National World seeks to impose 4.5 per cent pay offer

  • 04 Apr 2023

The publisher has opened its annual pay talks with the offer of a below-inflation pay rise, adding that it will only negotiate on how the total pot is distributed in each area.

The National Union of Journalists has expressed disappointment at National World’s failure to enter into meaningful talks on a fair pay deal with the union, with the purpose of addressing historic pay inequalities at the company. 

The publisher of 150 online and print titles including The Yorkshire Post and The Scotsman imposed a below-inflation 4.5 per cent pay rise on 1 April for all staff who fall outside a local bargaining unit or work in a business area with no trade union recognition.  

Existing pay disparities at the company mean journalists working alongside each other in the same roles and teams can be paid varying salaries for their work, based purely on when they were appointed. The NUJ’s pay claim had attempted to tackle this issue to ensure the removal of such inequalities in newsrooms was prioritised.

A group chapel representative said:

"We are extremely disappointed with the hostile way in which the company has approached this year's talks and its attempts to limit their scope to its proposed real-terms pay cut only.

"Our pay claims included proposed minimum pay rates that were designed to address disparities within newsrooms that are entirely of the company's making. Instead of coming back with an offer that reflected our very valid concerns about those disparities, the company has told reps that the annual pay talks are not the time to discuss the issue.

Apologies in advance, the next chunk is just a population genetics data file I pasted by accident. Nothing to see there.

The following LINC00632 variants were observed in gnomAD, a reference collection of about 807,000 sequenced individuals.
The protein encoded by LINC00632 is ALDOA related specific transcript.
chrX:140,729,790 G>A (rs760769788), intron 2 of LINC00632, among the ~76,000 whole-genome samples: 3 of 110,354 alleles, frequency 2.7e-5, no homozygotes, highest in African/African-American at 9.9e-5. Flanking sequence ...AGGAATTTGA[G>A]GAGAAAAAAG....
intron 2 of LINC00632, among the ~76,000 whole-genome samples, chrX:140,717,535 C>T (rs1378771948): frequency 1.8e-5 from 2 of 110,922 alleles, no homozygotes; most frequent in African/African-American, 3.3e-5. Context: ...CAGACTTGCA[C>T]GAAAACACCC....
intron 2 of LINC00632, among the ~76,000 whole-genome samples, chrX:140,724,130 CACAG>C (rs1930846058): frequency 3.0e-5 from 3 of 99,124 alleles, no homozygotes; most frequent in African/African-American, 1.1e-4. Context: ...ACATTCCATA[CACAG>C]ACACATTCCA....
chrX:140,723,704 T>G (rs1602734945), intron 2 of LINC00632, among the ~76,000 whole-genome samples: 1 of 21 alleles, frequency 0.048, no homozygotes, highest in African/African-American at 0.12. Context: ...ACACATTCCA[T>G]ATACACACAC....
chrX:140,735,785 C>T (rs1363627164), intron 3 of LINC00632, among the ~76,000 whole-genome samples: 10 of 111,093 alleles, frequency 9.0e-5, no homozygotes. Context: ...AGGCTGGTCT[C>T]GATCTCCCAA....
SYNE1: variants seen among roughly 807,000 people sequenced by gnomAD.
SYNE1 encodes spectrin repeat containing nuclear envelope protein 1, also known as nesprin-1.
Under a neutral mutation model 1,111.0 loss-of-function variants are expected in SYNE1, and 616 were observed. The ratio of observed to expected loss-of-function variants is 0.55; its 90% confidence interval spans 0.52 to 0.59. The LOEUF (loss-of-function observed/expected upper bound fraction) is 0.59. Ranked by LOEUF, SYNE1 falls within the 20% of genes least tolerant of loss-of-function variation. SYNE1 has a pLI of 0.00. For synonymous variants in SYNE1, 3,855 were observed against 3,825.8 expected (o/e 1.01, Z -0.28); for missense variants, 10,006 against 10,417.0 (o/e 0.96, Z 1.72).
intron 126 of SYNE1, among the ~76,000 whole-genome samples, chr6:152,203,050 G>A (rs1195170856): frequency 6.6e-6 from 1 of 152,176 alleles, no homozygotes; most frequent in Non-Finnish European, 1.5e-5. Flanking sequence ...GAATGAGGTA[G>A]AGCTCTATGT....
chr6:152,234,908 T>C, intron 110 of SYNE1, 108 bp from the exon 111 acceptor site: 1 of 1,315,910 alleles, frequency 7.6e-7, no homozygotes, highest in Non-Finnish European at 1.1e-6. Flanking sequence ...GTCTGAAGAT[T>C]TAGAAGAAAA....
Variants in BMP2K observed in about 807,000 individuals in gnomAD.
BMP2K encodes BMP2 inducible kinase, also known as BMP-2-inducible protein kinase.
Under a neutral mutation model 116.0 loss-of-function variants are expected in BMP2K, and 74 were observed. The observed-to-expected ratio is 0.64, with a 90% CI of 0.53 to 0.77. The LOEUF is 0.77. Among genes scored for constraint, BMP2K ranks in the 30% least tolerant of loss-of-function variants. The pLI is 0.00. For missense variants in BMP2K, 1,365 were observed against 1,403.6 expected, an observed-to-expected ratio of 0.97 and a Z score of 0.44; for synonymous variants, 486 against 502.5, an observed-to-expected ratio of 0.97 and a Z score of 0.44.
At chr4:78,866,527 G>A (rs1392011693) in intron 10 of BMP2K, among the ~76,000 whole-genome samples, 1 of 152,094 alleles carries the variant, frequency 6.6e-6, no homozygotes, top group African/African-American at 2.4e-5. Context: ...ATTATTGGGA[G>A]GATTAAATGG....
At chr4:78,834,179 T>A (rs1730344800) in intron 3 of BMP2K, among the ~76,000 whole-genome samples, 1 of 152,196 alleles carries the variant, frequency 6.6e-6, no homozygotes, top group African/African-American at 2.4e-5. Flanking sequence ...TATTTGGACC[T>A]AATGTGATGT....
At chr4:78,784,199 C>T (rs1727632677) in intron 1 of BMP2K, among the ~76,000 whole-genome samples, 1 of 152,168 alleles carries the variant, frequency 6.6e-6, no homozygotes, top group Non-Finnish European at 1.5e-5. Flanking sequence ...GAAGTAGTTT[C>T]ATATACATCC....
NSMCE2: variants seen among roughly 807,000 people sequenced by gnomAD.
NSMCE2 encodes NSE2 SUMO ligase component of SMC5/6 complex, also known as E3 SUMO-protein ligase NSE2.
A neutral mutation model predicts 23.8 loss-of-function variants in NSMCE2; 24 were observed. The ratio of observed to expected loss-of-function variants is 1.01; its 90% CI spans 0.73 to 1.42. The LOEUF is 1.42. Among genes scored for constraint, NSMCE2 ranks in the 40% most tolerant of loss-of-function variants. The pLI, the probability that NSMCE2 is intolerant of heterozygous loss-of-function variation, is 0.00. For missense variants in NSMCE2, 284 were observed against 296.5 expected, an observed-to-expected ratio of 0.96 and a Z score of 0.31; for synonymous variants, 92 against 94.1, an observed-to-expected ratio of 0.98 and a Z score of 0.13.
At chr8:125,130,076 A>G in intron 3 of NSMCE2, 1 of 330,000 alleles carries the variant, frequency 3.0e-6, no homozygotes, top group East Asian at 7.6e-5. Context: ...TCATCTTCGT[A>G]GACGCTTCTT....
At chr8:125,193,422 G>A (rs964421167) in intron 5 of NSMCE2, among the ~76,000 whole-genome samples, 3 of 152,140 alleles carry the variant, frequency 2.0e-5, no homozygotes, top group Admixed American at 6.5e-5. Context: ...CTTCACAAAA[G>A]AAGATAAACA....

"Addressing the pay disparities and the unacceptably low salaries offered in many parts of the business could not be more important than at a time when our members are struggling to cope with the effects of the ongoing cost of living crisis.

"The company claims that its reason for refusing meaningful negotiations on all aspects of pay is its desire for everyone to get a pay rise as soon as possible. If they really cared about that then the true decision-makers would get round the table with the NUJ for a single set of intensive national talks."

National World has offered a 4.5 per cent increase to the members of local bargaining units across the company but is unwilling to negotiate further on that headline figure, stating the offer is final and non-negotiable.

The union had asked for negotiations to also include pay increases for freelances and casual workers, and a consistent company-wide approach to payments for working on public holidays and home working allowances.

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